"I would hold everybody accountable that's responsible for the scheme changes. There's a payoff once it takes effect and you gel and have it. We saw tremendous benefits in the offensive and defensive lines as the season went on. And we will benefit from that as we go forward. But the first half of the season, it's ridiculously unacceptable to have third-quarter and fourth-quarter leads and blow all those games. If we just blew one less game, we'd be playing Atlanta next week."
If Reid had hired an experienced defensive coordinator last January, chances are, they would have blown one fewer game, at least. But he didn't.
"I don't look at this as a gamble," Reid told me in August of the Castillo promotion. "I look at it as an opportunity for him. Coaches are probably a little more interchangeable than what people might think."
Maybe, maybe not. The truth is, Reid set up Castillo to fail last February. Put him in a situation he never should've been placed in. Now he has to figure out what to do.
Should he stick with him and gamble that he'll do a much better job in Year 2 than he did in Year 1? Or should he do what he should have done last year and bring in someone else with more defensive experience?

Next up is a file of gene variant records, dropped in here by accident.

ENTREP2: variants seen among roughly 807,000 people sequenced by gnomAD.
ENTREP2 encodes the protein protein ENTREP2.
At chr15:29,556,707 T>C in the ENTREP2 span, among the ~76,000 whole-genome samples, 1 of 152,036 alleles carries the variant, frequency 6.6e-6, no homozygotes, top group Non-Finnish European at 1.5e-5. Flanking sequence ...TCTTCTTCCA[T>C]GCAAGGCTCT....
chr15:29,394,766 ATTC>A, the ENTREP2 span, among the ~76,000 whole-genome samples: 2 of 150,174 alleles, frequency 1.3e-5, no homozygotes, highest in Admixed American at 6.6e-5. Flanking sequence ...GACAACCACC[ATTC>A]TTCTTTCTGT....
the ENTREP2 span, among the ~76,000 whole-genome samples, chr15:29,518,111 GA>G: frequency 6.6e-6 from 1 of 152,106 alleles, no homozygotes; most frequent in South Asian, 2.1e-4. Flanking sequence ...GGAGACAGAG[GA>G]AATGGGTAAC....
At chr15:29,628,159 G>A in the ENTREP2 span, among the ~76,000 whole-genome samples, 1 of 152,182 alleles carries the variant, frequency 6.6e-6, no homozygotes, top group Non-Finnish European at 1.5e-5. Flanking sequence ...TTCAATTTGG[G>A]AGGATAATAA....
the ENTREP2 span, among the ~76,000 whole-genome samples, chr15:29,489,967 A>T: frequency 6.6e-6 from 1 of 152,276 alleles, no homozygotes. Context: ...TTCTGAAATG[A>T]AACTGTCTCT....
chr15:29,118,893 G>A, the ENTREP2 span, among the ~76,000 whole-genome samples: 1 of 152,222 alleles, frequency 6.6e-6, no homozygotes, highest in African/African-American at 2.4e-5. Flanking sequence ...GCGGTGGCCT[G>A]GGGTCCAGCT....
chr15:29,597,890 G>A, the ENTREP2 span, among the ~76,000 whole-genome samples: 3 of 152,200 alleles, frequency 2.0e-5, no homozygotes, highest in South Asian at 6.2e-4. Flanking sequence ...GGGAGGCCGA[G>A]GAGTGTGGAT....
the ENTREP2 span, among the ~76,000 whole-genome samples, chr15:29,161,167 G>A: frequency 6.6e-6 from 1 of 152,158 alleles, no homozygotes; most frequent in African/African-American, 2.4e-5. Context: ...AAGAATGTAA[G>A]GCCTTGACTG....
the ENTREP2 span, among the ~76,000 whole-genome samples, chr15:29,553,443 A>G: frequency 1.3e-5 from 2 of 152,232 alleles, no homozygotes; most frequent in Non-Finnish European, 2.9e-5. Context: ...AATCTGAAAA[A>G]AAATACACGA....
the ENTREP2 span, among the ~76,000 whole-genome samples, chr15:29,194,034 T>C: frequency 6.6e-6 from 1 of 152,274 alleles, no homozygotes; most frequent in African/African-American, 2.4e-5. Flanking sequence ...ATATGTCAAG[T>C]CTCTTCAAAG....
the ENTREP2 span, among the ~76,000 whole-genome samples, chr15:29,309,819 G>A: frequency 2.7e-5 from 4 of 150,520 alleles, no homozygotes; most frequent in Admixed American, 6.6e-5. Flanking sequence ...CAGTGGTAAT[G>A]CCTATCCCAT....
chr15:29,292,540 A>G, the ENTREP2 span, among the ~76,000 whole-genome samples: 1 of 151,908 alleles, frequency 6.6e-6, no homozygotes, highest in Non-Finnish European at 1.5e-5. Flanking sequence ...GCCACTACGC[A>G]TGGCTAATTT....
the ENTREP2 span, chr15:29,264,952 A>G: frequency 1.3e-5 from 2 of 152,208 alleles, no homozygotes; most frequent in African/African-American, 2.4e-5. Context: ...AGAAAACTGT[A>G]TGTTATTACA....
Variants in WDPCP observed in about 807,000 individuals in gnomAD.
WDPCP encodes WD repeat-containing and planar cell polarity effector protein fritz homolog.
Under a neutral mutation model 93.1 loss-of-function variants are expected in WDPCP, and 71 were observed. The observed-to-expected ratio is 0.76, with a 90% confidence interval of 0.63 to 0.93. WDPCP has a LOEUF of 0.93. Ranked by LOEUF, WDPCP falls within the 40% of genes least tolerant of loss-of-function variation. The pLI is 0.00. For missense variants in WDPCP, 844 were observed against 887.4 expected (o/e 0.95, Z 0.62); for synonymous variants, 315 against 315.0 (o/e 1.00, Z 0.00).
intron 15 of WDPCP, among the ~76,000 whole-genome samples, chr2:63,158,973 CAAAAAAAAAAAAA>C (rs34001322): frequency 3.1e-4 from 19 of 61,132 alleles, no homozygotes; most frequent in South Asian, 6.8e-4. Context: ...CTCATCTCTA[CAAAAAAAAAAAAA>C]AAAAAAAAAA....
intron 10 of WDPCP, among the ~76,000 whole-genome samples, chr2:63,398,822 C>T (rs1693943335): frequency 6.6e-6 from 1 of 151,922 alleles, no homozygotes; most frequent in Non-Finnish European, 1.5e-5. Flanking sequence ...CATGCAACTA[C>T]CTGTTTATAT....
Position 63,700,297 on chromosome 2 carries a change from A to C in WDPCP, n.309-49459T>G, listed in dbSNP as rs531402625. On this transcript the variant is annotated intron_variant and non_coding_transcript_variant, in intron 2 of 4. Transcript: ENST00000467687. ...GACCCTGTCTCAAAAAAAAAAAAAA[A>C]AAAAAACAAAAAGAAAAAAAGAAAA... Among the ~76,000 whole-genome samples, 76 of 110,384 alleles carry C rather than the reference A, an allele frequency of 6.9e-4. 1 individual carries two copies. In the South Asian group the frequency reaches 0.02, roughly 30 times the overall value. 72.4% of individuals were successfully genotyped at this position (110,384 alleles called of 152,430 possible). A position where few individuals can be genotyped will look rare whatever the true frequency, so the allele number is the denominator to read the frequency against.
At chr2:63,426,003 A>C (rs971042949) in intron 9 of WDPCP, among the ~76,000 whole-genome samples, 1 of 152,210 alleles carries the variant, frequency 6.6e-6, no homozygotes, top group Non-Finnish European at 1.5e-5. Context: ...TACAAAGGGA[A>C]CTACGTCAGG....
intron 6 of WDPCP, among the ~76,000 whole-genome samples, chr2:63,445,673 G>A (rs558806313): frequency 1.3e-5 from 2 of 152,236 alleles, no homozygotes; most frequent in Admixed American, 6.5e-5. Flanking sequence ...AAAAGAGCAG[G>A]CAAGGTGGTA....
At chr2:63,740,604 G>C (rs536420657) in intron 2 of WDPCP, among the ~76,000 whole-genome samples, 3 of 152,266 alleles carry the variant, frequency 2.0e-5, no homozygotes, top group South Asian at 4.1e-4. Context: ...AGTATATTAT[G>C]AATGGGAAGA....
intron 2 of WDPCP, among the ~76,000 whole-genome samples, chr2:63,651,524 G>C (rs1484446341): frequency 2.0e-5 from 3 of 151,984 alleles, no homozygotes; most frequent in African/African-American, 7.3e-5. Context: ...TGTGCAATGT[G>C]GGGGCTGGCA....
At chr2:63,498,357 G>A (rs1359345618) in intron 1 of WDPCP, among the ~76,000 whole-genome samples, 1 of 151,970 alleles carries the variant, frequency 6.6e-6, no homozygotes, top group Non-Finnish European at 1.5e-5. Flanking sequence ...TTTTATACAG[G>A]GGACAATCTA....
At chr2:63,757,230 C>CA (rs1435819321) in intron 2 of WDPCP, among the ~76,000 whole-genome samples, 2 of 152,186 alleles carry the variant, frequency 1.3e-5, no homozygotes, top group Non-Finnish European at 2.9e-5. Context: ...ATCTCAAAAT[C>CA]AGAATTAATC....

With several NFL coaching staffs getting pink slips this week, there suddenly are some attractive candidates out there, not the least of whom is former Reid assistant Steve Spagnuolo, who was canned by the Rams on Monday. If Reid can persuade Spagnuolo to rejoin his staff, he needs to do it.
Castillo is one of the best people I've met in the 30 years I've covered the NFL. While I think the Eagles need to hire a new defensive coordinator, I also think it would be unconscionable for Reid to replace Castillo without providing him with a landing spot.
You want to promote him to assistant head coach in charge of desks and chairs until Howard Mudd decides to head back into retirement, fine. You want to call one of your coaching pals and find him a new job, as you did with McDermott last year, fine, too.
But if you're going to make the man the scapegoat for your disappointing season, you damn well had better take care of him.